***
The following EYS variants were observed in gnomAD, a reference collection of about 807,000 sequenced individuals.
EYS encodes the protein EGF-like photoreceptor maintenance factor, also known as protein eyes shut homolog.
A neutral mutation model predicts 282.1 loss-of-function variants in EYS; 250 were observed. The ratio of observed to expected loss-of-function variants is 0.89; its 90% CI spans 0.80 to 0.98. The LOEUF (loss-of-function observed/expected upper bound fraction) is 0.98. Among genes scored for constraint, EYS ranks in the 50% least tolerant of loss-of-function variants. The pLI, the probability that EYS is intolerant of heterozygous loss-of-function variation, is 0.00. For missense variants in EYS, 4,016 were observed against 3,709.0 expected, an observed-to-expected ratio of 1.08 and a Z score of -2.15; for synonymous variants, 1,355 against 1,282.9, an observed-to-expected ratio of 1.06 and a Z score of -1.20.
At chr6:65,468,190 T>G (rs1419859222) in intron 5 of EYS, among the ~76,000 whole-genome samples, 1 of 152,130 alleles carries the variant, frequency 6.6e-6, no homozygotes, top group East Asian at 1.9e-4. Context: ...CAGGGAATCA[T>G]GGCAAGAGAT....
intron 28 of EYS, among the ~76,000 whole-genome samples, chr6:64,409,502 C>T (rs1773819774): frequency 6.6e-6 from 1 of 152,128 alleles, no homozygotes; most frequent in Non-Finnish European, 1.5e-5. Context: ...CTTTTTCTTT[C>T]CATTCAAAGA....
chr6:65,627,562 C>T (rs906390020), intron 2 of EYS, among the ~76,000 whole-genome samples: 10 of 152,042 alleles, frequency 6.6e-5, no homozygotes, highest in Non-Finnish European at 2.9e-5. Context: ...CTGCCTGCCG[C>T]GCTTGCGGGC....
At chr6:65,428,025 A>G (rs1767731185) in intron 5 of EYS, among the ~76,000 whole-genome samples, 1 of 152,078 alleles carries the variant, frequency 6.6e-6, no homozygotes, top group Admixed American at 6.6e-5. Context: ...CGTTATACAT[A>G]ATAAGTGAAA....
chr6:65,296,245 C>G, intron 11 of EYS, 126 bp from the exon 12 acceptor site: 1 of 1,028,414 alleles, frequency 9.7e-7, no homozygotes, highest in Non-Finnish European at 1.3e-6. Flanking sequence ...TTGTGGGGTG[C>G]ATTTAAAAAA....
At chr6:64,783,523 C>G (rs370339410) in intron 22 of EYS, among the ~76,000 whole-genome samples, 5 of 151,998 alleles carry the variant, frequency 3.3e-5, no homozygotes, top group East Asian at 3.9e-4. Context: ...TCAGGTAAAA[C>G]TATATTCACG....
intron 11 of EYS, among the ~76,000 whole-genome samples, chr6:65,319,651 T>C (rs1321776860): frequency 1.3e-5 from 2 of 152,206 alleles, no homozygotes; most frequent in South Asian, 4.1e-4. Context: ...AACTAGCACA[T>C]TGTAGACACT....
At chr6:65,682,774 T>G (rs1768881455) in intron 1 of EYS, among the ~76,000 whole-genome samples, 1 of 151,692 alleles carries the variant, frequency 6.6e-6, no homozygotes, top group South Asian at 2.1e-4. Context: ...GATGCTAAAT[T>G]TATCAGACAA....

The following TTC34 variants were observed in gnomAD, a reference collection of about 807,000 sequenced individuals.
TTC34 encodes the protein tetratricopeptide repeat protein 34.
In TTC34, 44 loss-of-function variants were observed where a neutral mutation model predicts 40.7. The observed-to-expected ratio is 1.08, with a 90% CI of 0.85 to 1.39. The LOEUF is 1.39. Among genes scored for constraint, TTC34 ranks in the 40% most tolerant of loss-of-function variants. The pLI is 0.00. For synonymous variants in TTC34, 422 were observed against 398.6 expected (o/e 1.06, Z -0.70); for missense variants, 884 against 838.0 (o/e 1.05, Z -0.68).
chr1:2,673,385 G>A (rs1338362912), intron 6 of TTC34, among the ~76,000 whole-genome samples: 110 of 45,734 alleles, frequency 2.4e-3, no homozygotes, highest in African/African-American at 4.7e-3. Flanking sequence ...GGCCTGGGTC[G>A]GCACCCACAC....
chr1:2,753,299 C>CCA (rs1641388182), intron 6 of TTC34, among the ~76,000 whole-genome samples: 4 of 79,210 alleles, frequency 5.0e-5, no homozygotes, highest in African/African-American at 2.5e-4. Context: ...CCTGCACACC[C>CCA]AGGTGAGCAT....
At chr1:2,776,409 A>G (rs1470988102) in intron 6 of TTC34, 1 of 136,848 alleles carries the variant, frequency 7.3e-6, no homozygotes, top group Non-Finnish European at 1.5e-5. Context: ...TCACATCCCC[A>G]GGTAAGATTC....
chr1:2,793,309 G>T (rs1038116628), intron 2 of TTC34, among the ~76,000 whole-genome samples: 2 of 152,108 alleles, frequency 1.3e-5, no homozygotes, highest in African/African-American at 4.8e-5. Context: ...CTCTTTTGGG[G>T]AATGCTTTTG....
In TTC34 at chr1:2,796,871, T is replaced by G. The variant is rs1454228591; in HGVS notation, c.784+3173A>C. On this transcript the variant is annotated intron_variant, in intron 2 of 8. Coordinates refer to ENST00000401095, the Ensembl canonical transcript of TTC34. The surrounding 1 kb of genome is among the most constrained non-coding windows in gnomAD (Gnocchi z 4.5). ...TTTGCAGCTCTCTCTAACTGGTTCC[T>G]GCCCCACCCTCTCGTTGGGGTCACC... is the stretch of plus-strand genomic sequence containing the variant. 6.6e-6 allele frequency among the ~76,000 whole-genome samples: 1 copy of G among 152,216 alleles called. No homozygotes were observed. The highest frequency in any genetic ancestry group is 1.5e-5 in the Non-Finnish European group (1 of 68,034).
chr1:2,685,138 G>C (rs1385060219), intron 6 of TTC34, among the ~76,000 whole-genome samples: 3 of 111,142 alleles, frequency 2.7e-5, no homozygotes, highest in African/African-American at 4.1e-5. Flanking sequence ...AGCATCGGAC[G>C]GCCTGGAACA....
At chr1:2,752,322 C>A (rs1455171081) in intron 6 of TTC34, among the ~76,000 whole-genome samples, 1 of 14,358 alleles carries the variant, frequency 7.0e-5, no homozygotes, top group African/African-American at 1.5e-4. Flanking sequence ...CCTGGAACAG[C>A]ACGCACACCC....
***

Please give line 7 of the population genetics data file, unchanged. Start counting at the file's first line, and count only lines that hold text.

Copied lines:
At chr6:65,428,025 A>G (rs1767731185) in intron 5 of EYS, among the ~76,000 whole-genome samples, 1 of 152,078 alleles carries the variant, frequency 6.6e-6, no homozygotes, top group Admixed American at 6.6e-5. Context: ...CGTTATACAT[A>G]ATAAGTGAAA....